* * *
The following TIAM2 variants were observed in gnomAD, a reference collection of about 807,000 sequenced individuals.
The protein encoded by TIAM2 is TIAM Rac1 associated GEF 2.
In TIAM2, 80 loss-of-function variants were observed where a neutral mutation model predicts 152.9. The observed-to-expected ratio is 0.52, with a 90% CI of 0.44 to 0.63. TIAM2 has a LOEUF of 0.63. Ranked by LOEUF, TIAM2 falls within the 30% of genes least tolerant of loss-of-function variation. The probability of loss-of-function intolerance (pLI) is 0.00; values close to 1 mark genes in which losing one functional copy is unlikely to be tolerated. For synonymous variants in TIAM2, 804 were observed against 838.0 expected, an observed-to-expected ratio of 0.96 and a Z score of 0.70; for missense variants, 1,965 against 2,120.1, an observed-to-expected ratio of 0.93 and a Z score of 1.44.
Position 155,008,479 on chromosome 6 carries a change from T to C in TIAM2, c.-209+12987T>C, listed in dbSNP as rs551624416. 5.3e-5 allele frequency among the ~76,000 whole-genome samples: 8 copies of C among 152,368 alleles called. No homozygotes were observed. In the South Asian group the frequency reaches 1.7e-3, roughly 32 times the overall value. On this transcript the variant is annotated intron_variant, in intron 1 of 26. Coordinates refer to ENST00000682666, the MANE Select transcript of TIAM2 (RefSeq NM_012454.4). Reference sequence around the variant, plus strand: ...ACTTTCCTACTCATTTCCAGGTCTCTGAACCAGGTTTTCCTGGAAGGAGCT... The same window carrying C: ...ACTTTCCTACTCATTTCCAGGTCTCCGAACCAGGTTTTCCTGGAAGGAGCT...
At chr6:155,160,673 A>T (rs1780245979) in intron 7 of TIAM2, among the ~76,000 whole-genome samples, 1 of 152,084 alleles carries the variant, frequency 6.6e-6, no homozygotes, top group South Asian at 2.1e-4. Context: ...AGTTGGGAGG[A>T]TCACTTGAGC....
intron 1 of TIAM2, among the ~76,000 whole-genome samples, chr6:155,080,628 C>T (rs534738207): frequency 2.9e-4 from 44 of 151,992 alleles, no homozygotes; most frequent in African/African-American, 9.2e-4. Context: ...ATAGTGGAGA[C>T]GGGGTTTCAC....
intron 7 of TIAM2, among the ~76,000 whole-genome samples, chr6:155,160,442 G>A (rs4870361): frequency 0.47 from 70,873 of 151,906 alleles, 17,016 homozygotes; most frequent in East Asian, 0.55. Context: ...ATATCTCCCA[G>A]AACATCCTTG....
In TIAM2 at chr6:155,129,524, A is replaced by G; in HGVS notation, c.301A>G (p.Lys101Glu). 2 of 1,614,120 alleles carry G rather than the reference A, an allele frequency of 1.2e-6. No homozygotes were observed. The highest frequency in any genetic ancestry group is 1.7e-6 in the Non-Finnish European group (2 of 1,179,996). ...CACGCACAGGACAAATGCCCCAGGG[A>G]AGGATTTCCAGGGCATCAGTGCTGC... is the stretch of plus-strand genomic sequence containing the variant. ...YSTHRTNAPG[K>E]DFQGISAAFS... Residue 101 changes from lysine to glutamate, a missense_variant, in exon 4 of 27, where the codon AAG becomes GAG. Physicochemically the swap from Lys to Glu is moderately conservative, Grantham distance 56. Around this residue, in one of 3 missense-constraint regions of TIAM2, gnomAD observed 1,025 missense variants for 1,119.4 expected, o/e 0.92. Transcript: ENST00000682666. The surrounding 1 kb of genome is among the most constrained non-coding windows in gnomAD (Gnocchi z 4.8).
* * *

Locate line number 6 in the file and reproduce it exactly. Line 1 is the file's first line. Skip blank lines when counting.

intron 1 of TIAM2, among the ~76,000 whole-genome samples, chr6:155,080,628 C>T (rs534738207): frequency 2.9e-4 from 44 of 151,992 alleles, no homozygotes; most frequent in African/African-American, 9.2e-4. Context: ...ATAGTGGAGA[C>T]GGGGTTTCAC....